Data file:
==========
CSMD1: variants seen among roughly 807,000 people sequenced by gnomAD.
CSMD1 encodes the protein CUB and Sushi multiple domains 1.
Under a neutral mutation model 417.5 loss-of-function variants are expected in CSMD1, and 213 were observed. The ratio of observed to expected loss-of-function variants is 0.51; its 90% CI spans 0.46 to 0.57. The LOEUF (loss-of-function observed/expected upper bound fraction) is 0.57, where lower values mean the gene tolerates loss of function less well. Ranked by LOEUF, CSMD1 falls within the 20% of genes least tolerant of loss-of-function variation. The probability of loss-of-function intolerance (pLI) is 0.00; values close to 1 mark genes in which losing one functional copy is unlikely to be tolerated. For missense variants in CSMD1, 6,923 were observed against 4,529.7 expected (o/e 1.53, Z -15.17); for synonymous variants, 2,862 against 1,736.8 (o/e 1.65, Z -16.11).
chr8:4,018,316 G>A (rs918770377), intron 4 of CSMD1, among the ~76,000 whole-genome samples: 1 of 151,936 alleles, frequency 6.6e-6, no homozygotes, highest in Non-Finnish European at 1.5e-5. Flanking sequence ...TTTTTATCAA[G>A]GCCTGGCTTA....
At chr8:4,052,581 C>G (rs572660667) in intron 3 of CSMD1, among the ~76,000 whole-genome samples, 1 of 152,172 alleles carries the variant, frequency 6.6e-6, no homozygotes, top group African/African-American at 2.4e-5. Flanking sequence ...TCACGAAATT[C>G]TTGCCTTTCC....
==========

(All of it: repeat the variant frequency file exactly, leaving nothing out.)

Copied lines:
CSMD1: variants seen among roughly 807,000 people sequenced by gnomAD.
CSMD1 encodes the protein CUB and Sushi multiple domains 1.
Under a neutral mutation model 417.5 loss-of-function variants are expected in CSMD1, and 213 were observed. The ratio of observed to expected loss-of-function variants is 0.51; its 90% CI spans 0.46 to 0.57. The LOEUF (loss-of-function observed/expected upper bound fraction) is 0.57, where lower values mean the gene tolerates loss of function less well. Ranked by LOEUF, CSMD1 falls within the 20% of genes least tolerant of loss-of-function variation. The probability of loss-of-function intolerance (pLI) is 0.00; values close to 1 mark genes in which losing one functional copy is unlikely to be tolerated. For missense variants in CSMD1, 6,923 were observed against 4,529.7 expected (o/e 1.53, Z -15.17); for synonymous variants, 2,862 against 1,736.8 (o/e 1.65, Z -16.11).
chr8:4,018,316 G>A (rs918770377), intron 4 of CSMD1, among the ~76,000 whole-genome samples: 1 of 151,936 alleles, frequency 6.6e-6, no homozygotes, highest in Non-Finnish European at 1.5e-5. Flanking sequence ...TTTTTATCAA[G>A]GCCTGGCTTA....
At chr8:4,052,581 C>G (rs572660667) in intron 3 of CSMD1, among the ~76,000 whole-genome samples, 1 of 152,172 alleles carries the variant, frequency 6.6e-6, no homozygotes, top group African/African-American at 2.4e-5. Flanking sequence ...TCACGAAATT[C>G]TTGCCTTTCC....